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Izzo v. Linpro Co.

Decided: January 19, 1995.


On appeal from the Superior Court of New Jersey, Law Division, Morris County.

Before Judges Skillman and Kleiner.


The opinion of the court was delivered by KLEINER, J.A.D.

Plaintiff Vincent Izzo, an employee of protective Electric, suffered a electric shock while installing and relocating a wall receptacle at an office building owned by defendant Morristown Office partners. Defendant Morristown Office partners employed the services of defendant The Linpro Company to manage this office building.

Prior to May 7, 1987, a suite of offices became vacant. To accommodate the needs of a new tenant, it was necessary to relocate one electric receptacle and to install new electrical fixtures. Linpro's employee, defendant Angelo Morreale, engaged the services of defendant Nova Interiors, Inc. to remove the drywall in the office suite to expose the electric receptacle, and he engaged the services of protective Electric to perform the electric installations.

From the pleadings, answers to interrogatories, affidavits and deposition testimony of plaintiff and the owner of protective Electric, which were submitted in support of defendants' motions for summary judgment, we are able to conclude that employees of Nova Interiors, Inc. removed the drywall and exposed the electric receptacle. There is no evidence that those employees performed any work on the electric wiring or the receptacle.

When Nova Interiors, Inc. employees completed their job, plaintiff and a co-employee, a licensed electrician, were ready to commence their job function. Plaintiff was an electrician'S helper, and therefore his co-employee was his supervisor on this particular job site. On the morning of May 7, 1987, before the electrical work commenced, Morreale advised the electrician not to indiscriminately disconnect the electricity in the office building, as other offices were occupied and a disconnection of all electricity might be disruptive to computers in operation within the building.

Plaintiff's deposition testimony reveals that he did not check whether the electric current to the specific receptacle which was to be removed had been turned off, before he commenced his job. The electricity in fact had not been turned off, and plaintiff received an electric shock which he contends caused neurologic injury, resulting in his hospitalization.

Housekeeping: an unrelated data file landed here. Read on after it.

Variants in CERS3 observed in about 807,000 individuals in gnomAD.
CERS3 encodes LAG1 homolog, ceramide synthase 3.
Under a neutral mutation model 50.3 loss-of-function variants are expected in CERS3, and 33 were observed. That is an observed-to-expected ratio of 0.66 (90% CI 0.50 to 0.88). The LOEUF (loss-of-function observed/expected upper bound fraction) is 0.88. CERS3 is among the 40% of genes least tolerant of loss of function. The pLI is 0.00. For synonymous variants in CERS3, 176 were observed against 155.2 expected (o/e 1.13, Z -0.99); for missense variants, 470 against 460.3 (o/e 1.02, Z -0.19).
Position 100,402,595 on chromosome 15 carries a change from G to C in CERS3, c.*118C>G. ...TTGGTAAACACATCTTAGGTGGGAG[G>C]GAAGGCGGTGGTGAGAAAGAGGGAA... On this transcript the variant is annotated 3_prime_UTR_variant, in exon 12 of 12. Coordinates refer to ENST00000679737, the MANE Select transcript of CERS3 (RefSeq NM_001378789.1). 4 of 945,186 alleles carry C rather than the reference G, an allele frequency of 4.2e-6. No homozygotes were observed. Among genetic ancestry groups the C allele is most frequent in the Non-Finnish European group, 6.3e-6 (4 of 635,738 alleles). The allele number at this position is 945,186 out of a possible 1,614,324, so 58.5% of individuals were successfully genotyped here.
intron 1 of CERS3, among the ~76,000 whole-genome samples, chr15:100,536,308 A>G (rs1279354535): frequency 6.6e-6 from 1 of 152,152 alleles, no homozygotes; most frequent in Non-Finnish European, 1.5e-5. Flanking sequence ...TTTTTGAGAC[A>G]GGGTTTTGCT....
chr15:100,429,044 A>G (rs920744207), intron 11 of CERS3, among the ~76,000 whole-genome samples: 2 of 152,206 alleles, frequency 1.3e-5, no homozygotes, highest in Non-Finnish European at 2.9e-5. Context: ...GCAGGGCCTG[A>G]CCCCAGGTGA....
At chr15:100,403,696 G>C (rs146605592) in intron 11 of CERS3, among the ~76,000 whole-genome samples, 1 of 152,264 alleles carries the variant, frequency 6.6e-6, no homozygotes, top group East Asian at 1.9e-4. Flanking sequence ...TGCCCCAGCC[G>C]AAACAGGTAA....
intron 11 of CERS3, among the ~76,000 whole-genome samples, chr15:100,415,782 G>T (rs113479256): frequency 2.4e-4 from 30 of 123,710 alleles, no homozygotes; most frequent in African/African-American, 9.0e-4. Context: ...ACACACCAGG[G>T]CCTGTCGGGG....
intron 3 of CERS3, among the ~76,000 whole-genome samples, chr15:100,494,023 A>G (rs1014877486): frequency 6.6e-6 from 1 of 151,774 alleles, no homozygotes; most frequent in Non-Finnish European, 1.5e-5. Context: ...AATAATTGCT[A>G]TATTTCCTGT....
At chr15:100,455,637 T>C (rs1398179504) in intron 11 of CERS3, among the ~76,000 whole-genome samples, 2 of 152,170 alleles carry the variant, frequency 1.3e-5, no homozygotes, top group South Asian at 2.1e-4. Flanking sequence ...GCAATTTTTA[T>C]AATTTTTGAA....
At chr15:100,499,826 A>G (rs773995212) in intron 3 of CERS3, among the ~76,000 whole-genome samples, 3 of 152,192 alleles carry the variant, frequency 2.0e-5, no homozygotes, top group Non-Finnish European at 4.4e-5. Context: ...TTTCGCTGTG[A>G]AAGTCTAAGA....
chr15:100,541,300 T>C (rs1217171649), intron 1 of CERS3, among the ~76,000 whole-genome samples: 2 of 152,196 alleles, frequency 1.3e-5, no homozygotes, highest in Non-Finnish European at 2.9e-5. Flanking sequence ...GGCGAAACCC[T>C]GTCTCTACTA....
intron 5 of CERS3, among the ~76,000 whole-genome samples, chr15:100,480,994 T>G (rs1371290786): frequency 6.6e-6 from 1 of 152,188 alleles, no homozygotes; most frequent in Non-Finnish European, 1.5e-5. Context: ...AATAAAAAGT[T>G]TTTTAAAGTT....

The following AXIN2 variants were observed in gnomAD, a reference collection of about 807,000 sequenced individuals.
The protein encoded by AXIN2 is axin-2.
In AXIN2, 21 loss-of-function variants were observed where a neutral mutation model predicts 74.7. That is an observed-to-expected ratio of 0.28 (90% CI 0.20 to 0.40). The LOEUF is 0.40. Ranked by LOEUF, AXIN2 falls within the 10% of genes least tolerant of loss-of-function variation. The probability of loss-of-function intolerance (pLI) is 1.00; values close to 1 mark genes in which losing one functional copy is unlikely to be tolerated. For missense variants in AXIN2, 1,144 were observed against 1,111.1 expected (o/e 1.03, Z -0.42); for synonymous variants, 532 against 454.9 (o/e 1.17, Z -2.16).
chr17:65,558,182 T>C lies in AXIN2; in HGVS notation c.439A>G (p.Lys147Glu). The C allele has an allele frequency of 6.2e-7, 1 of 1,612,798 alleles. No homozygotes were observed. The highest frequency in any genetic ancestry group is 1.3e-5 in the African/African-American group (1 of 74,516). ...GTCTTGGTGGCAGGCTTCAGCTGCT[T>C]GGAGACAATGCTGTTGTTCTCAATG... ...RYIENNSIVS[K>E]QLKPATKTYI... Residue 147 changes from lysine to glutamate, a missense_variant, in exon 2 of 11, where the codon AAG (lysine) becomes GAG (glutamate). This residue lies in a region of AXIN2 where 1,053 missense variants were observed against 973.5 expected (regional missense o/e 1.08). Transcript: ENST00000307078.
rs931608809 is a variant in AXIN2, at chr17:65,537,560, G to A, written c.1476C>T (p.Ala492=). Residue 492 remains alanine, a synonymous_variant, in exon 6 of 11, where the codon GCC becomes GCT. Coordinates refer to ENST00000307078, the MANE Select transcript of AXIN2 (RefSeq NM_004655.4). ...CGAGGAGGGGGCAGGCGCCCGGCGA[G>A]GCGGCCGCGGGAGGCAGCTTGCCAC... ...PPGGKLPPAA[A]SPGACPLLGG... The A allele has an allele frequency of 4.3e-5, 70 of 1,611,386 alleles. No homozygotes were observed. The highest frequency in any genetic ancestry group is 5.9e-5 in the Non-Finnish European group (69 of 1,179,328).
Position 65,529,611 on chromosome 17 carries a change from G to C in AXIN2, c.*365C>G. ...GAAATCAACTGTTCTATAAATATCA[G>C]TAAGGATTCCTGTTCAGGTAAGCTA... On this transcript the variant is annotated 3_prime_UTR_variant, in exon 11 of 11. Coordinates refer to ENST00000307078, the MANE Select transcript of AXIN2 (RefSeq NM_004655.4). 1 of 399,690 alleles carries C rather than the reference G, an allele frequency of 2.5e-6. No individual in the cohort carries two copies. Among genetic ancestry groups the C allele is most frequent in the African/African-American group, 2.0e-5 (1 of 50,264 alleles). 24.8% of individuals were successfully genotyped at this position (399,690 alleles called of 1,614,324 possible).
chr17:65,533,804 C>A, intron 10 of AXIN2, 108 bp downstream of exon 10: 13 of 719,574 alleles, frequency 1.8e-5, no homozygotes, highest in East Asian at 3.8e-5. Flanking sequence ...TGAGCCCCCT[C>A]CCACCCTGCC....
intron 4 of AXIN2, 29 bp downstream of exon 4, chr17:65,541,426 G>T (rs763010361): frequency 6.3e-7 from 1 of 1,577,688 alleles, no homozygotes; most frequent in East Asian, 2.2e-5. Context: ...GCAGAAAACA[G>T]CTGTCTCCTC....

In an ensuing complaint, Izzo sued Linpro and Morreale, and by amended complaint joined Morristown Office Partners and Nova Interiors, Inc. as defendants. Thereafter, summary judgment was granted in three separate contested motions to Linpro and Morreale, to Morristown and to Nova. Plaintiff appeals from each order for summary judgment and from the denial of his subsequent motions for reconsideration of the first two orders. We now affirm the grant of summary judgment as to Nova Interiors, Inc. and Morristown Office Partners. We reverse the order which granted summary judgment to defendants The Linpro Company and Morreale.

The facts presented here are similar to the causative facts in Izhaky v. Jamesway Corp., 195 N.J. Super. 103, 478 A.2d 416 (App. Div. 1984), where plaintiff, the employee of an electrical contractor retained by defendant to relocate a switch and install wall outlets during the remodeling of defendant's headquarters, was injured when his hand came in contact with a live wire. Id. at 105. After reviewing the law pertinent to a landowner's nondelegable duty to employees of an independent contractor to provide those employees with a reasonably safe place to work, as discussed in Wolczak v. National Elect. Products Corp., 66 N.J. Super. 64, 168 A.2d 412 (App. Div. 1961), and thereafter in Rodrigues v. Elizabethtown Gas Co., 104 N.J. Super. 436, 250 A.2d 408 (App. Div. 1969), we affirmed a jury verdict which imposed liability upon defendant Jamesway Corp. Izhaky, supra, 195 N.J. Super. at 106-08. Our decision in Izhaky was predicated upon the concept that the landowner has a duty to eliminate or warn of potential operational hazards which are not or may not be obvious and visible to the invitee upon ordinary observation. Id. at 107. Jamesway employees had performed the preparatory carpentry work required to be performed before the electrician's services could be performed. We noted: "This participation by defendant in the work, including some degree of involvement with the electrical system, removes the limited immunity provided by Wolczak, which specifically indicts such owner participation . . . ." Ibid.

Unlike Jamesway's active participation in the remodeling project, here, plaintiff can only point to a general instruction by Morreale not to indiscriminately turn off the electricity in the entire office building. That instruction does not encompass an instruction to plaintiff's supervising electrician, his co-employee, not to turn off the electric current within the very suite being remodeled. As noted in Wolczak, "in the absence of interference by either of the defendants in the performance of the independent contractor's work, the duty to insure that the job was performed in a safe manner was solely that of plaintiff's employer . . . ." Wolczak, supra, 66 N.J. Super. at 77.

However, plaintiff's claim is not solely predicated upon Morreale's general instruction. It encompasses a distinct claim that defendants Morristown, Linpro and Morreale violated a duty imposed under OSHA regulations and for that reason summary judgment should be denied.

Implicated here are several OSHA regulations. 29 C.F.R. § 1926.20(a) (1994) provides, in part:

No contractor or subcontractor for any part of the contract work shall require any laborer or mechanic employed in the performance of the contract to work in surroundings or under working conditions which are ...

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